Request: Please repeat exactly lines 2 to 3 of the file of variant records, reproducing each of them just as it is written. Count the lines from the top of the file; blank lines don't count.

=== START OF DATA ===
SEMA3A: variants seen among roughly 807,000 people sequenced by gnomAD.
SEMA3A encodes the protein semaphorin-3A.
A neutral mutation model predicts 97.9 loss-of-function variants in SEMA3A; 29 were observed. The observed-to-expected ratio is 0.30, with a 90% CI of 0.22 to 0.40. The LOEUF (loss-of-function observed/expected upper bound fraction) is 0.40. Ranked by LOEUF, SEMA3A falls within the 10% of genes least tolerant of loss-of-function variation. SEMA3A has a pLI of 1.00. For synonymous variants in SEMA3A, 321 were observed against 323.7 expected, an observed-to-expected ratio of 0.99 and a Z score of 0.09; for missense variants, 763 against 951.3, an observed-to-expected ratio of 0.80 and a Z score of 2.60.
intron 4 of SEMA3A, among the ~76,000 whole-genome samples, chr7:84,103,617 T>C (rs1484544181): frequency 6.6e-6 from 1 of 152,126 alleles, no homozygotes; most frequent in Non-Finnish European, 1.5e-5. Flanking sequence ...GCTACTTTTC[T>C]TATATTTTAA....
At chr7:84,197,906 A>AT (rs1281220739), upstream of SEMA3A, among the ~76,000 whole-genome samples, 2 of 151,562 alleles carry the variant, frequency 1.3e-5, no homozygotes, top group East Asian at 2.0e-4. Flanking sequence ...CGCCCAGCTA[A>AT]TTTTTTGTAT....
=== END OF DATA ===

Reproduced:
SEMA3A encodes the protein semaphorin-3A.
A neutral mutation model predicts 97.9 loss-of-function variants in SEMA3A; 29 were observed. The observed-to-expected ratio is 0.30, with a 90% CI of 0.22 to 0.40. The LOEUF (loss-of-function observed/expected upper bound fraction) is 0.40. Ranked by LOEUF, SEMA3A falls within the 10% of genes least tolerant of loss-of-function variation. SEMA3A has a pLI of 1.00. For synonymous variants in SEMA3A, 321 were observed against 323.7 expected, an observed-to-expected ratio of 0.99 and a Z score of 0.09; for missense variants, 763 against 951.3, an observed-to-expected ratio of 0.80 and a Z score of 2.60.